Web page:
Here at the Peak To Peak Miata Club labs, the inflator was detonated on our test range (driveway). We had removed the airbag assembly, detached the inflator, and retained the steering wheel with its folded airbag still intact for later use. The bare inflator is a squat metal cylinder about 4 inches in diameter and 1½ inches high. There are numerous holes around the circumference of the cylinder on one end to allow the expanding gas into the airbag. Fortunately the orientation of the holes means that no net thrust is developed by the unit and restraint was not necessary.
We attached a car battery to the leads on the inflator through a 25 foot twin conductor wire. BOOM! If you can imagine launching a dozen Estes model rockets at once, you've seen this. Be aware that 20 minutes after the ignition, the metal case of the inflator was still too hot to touch and, in fact, would boil water! We attempted to cool the unit by submersion in water. This is not recommended either. As you can see, there is sodium (Na) in the intermediate reaction. In our case, there was unreacted excess sodium present. The reaction of sodium and water is very violent, on the order a second detonation! Fortunately, that little speck of molten metal didn't permanently scar the sink porcelain.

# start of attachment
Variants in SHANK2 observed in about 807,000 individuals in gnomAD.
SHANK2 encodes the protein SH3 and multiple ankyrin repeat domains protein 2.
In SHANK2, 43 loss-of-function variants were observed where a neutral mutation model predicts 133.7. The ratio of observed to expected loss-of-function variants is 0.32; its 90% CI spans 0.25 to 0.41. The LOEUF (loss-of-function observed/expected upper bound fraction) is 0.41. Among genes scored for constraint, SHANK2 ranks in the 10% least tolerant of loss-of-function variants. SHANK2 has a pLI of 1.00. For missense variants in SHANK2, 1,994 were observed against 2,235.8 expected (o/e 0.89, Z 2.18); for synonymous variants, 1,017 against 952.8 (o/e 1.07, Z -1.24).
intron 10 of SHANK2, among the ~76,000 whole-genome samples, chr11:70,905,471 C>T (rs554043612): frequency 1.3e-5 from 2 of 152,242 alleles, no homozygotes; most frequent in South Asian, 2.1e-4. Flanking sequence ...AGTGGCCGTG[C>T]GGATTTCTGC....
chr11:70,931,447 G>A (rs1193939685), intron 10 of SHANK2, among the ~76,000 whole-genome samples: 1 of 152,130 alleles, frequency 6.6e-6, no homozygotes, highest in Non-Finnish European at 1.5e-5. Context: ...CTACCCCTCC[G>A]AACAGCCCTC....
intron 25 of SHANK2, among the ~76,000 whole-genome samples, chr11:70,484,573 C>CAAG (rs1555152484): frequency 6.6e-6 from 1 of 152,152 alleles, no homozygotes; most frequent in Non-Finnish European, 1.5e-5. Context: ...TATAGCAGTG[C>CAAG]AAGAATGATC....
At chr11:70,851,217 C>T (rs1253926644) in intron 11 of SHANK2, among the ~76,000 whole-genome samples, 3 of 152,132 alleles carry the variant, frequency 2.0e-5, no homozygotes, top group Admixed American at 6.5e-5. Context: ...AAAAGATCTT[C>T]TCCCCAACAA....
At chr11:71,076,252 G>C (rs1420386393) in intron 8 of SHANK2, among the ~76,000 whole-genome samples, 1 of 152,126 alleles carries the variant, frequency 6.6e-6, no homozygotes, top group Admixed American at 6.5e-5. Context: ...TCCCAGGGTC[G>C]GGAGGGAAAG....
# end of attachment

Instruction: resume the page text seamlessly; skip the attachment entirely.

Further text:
For 1999, the Miata airbag system sees a major re-design. The crash sensors and back-up battery have been relocated to the airbag control computer under the instrument panel. Of course, a passenger side shut-off has been provided as well as ugly safety labels all over the place. The driver side airbag has been repackaged in the smaller hub of the Momo wheel. It is the same azide chemistry of previous Miatas. On the passenger side the air bag is now inflated by hot argon gas. The detonator uses a pyrotechnic device to heat the argon which expands to fill the bag.